It’s been busy this year with an early spring leading to lots of swarm activity. Over at The Urban Beehive we have inspected all of our hives and detected preparation for swarming in almost every hive we looked in.
What we look for is signs of queen cells. If you get an uncapped queen cell that contains a larvae then your hive is going to swarm within 7 days. If it’s capped it’s going to happen in a couple of days. In the past I have read you should destroy queen cells to prevent swarming but the girls just make a new one so that doesn’t help.
I have tried making space by moving brood fames up and adding undrawn frames but that doesn’t work either. I have been told that different hive construction (ie. topbar or warre) means no swarming but when you think about the trigger for swarming (warm weather with a good nectar flow) and the reason for it (spawning a new hive elsewhere) then I can’t see that the hive size or shape is relevant.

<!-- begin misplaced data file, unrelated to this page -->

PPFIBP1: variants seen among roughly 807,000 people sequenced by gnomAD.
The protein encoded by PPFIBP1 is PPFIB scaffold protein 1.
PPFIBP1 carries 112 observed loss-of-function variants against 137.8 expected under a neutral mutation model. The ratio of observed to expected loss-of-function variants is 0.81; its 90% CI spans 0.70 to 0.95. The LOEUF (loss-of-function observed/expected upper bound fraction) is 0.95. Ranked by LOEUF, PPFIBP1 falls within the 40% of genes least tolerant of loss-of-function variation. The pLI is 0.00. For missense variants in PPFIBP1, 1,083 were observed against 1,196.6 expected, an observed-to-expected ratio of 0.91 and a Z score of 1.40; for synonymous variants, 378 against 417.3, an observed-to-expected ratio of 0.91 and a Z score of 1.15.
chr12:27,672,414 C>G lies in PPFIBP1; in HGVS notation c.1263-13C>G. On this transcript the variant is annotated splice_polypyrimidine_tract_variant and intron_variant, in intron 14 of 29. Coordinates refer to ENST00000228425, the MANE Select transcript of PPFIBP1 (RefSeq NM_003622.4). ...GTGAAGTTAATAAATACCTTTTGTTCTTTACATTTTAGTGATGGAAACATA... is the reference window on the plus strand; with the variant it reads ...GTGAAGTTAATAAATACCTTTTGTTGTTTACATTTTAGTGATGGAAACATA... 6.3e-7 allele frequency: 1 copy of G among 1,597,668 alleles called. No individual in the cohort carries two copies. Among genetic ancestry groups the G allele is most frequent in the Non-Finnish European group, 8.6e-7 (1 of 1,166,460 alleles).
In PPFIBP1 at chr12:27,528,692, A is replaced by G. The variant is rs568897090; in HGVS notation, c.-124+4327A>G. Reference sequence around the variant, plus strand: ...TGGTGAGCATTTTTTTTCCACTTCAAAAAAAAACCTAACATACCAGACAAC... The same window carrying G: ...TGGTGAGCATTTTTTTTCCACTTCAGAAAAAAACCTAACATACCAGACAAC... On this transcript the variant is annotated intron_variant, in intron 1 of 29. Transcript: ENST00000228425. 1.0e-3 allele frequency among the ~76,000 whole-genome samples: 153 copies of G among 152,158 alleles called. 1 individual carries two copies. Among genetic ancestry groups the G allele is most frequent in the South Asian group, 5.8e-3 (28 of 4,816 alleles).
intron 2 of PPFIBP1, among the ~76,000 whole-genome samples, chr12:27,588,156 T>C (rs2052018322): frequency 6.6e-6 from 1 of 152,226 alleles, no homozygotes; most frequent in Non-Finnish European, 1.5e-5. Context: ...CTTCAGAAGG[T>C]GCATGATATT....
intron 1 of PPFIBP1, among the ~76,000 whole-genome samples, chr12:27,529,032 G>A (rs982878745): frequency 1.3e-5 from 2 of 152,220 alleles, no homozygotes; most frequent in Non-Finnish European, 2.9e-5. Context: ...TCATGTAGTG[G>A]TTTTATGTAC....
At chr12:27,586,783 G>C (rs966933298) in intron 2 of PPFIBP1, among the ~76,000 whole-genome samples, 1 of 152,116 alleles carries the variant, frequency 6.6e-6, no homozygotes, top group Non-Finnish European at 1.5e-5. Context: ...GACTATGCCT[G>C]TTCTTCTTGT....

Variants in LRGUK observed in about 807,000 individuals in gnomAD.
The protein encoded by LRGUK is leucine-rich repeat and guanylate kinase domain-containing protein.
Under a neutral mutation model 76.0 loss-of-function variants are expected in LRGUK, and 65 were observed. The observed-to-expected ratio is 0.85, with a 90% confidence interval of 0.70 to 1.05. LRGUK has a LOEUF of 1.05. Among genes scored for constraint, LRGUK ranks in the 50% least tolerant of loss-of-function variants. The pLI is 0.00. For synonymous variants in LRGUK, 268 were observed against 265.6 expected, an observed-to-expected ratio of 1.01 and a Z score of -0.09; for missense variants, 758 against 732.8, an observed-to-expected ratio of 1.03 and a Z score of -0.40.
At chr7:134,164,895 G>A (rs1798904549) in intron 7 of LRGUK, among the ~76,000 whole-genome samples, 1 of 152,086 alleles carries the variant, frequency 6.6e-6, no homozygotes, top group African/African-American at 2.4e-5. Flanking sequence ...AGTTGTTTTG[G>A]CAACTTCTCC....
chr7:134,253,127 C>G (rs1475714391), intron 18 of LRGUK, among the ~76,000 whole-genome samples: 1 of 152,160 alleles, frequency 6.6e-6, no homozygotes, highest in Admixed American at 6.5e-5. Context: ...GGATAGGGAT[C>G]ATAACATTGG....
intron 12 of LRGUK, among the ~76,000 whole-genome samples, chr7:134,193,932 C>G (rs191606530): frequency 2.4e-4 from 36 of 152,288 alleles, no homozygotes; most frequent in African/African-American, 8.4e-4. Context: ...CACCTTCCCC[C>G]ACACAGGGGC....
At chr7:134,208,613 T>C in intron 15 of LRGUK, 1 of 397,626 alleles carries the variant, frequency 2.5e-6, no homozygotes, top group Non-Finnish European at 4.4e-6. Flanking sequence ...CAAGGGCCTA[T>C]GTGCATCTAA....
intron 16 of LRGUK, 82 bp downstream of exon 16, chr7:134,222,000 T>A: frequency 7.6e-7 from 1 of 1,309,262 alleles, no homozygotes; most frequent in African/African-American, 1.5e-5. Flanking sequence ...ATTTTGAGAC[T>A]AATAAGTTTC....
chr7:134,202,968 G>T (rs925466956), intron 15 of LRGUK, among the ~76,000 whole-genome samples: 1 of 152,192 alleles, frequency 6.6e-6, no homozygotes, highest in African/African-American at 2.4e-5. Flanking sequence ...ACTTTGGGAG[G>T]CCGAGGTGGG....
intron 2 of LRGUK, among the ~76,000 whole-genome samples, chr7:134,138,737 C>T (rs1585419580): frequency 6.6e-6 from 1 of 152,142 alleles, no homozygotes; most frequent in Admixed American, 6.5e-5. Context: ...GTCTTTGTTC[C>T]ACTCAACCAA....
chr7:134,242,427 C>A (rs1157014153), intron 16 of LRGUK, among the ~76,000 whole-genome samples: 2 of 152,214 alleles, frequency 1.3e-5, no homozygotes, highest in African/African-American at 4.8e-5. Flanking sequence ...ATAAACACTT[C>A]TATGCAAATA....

At any rate I found a swarm in a chimney cavity last week and that’s a pretty natural hive so I don’t believe it’s a brood space trigger but a pure season trigger. So our method this spring has been to check a hive for a queen cell and if one is found, then you false swarm the hive by taking two frames of brood and two frames of honey along with the old queen and split to a new hive.
I was alarmed yesterday by a call from a hive location on a busy shopping strip, telling me of a swarm. I was confused because we had split the hives two days earlier and there were no queens so a swarm was very unlikely. By the time I got there the swarm had moved on and I tracked it down to a nearby street, close to its source: a hive in a chimney that had swarmed a day or so earlier according to the neighbours.
It’s hard to explain that a swarm may fly in and not actually be from your hives, most people think you’re spinning a story.